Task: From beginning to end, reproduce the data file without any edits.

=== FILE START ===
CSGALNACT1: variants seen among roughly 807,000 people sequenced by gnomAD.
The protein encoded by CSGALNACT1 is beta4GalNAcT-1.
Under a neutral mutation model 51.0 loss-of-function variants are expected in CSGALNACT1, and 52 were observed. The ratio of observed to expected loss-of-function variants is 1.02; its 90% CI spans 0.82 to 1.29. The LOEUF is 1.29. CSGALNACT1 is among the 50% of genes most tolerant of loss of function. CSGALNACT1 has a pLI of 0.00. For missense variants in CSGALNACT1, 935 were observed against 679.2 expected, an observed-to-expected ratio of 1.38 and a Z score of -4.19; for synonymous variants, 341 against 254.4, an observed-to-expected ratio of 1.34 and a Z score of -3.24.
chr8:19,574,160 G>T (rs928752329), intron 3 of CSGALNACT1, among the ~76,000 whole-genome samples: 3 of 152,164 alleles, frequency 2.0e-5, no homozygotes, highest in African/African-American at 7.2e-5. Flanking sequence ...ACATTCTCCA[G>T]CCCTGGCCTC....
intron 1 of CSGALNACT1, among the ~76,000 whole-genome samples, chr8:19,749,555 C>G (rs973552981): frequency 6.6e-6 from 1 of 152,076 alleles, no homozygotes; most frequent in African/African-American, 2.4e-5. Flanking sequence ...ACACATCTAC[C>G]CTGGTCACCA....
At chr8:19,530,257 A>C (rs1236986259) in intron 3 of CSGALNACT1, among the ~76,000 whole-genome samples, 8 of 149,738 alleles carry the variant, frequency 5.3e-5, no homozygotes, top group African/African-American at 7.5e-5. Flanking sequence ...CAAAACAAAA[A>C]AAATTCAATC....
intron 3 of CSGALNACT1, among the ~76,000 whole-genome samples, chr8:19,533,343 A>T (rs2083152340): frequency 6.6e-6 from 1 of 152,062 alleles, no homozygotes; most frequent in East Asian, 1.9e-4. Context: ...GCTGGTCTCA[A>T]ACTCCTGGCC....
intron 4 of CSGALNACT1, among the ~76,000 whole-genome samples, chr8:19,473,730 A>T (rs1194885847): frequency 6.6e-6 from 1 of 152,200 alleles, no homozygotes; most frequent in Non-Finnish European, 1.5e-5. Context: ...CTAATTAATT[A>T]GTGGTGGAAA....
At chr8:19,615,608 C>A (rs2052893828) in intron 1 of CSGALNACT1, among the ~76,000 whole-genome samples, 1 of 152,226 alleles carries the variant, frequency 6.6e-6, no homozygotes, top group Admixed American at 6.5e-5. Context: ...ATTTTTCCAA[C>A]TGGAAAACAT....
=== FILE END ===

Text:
CSGALNACT1: variants seen among roughly 807,000 people sequenced by gnomAD.
The protein encoded by CSGALNACT1 is beta4GalNAcT-1.
Under a neutral mutation model 51.0 loss-of-function variants are expected in CSGALNACT1, and 52 were observed. The ratio of observed to expected loss-of-function variants is 1.02; its 90% CI spans 0.82 to 1.29. The LOEUF is 1.29. CSGALNACT1 is among the 50% of genes most tolerant of loss of function. CSGALNACT1 has a pLI of 0.00. For missense variants in CSGALNACT1, 935 were observed against 679.2 expected, an observed-to-expected ratio of 1.38 and a Z score of -4.19; for synonymous variants, 341 against 254.4, an observed-to-expected ratio of 1.34 and a Z score of -3.24.
chr8:19,574,160 G>T (rs928752329), intron 3 of CSGALNACT1, among the ~76,000 whole-genome samples: 3 of 152,164 alleles, frequency 2.0e-5, no homozygotes, highest in African/African-American at 7.2e-5. Flanking sequence ...ACATTCTCCA[G>T]CCCTGGCCTC....
intron 1 of CSGALNACT1, among the ~76,000 whole-genome samples, chr8:19,749,555 C>G (rs973552981): frequency 6.6e-6 from 1 of 152,076 alleles, no homozygotes; most frequent in African/African-American, 2.4e-5. Flanking sequence ...ACACATCTAC[C>G]CTGGTCACCA....
At chr8:19,530,257 A>C (rs1236986259) in intron 3 of CSGALNACT1, among the ~76,000 whole-genome samples, 8 of 149,738 alleles carry the variant, frequency 5.3e-5, no homozygotes, top group African/African-American at 7.5e-5. Flanking sequence ...CAAAACAAAA[A>C]AAATTCAATC....
intron 3 of CSGALNACT1, among the ~76,000 whole-genome samples, chr8:19,533,343 A>T (rs2083152340): frequency 6.6e-6 from 1 of 152,062 alleles, no homozygotes; most frequent in East Asian, 1.9e-4. Context: ...GCTGGTCTCA[A>T]ACTCCTGGCC....
intron 4 of CSGALNACT1, among the ~76,000 whole-genome samples, chr8:19,473,730 A>T (rs1194885847): frequency 6.6e-6 from 1 of 152,200 alleles, no homozygotes; most frequent in Non-Finnish European, 1.5e-5. Context: ...CTAATTAATT[A>T]GTGGTGGAAA....
At chr8:19,615,608 C>A (rs2052893828) in intron 1 of CSGALNACT1, among the ~76,000 whole-genome samples, 1 of 152,226 alleles carries the variant, frequency 6.6e-6, no homozygotes, top group Admixed American at 6.5e-5. Context: ...ATTTTTCCAA[C>A]TGGAAAACAT....